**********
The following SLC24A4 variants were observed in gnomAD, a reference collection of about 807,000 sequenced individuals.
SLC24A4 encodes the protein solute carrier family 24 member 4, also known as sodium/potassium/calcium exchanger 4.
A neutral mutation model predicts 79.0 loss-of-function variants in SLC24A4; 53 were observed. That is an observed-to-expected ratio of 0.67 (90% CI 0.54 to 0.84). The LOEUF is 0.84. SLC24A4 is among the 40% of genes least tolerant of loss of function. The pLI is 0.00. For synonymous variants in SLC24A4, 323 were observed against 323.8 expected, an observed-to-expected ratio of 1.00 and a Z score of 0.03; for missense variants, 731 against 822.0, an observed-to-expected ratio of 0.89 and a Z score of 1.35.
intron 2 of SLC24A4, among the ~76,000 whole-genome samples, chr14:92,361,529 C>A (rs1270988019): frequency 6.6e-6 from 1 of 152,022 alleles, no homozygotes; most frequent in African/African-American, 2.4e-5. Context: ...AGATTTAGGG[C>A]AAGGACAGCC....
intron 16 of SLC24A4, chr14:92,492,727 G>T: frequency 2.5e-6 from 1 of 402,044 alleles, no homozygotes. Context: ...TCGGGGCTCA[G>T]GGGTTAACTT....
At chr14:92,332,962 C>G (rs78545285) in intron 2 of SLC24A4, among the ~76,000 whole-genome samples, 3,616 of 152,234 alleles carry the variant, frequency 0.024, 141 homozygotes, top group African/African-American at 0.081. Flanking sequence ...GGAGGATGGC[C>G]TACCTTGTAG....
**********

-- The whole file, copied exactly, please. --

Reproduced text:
The following SLC24A4 variants were observed in gnomAD, a reference collection of about 807,000 sequenced individuals.
SLC24A4 encodes the protein solute carrier family 24 member 4, also known as sodium/potassium/calcium exchanger 4.
A neutral mutation model predicts 79.0 loss-of-function variants in SLC24A4; 53 were observed. That is an observed-to-expected ratio of 0.67 (90% CI 0.54 to 0.84). The LOEUF is 0.84. SLC24A4 is among the 40% of genes least tolerant of loss of function. The pLI is 0.00. For synonymous variants in SLC24A4, 323 were observed against 323.8 expected, an observed-to-expected ratio of 1.00 and a Z score of 0.03; for missense variants, 731 against 822.0, an observed-to-expected ratio of 0.89 and a Z score of 1.35.
intron 2 of SLC24A4, among the ~76,000 whole-genome samples, chr14:92,361,529 C>A (rs1270988019): frequency 6.6e-6 from 1 of 152,022 alleles, no homozygotes; most frequent in African/African-American, 2.4e-5. Context: ...AGATTTAGGG[C>A]AAGGACAGCC....
intron 16 of SLC24A4, chr14:92,492,727 G>T: frequency 2.5e-6 from 1 of 402,044 alleles, no homozygotes. Context: ...TCGGGGCTCA[G>T]GGGTTAACTT....
At chr14:92,332,962 C>G (rs78545285) in intron 2 of SLC24A4, among the ~76,000 whole-genome samples, 3,616 of 152,234 alleles carry the variant, frequency 0.024, 141 homozygotes, top group African/African-American at 0.081. Flanking sequence ...GGAGGATGGC[C>G]TACCTTGTAG....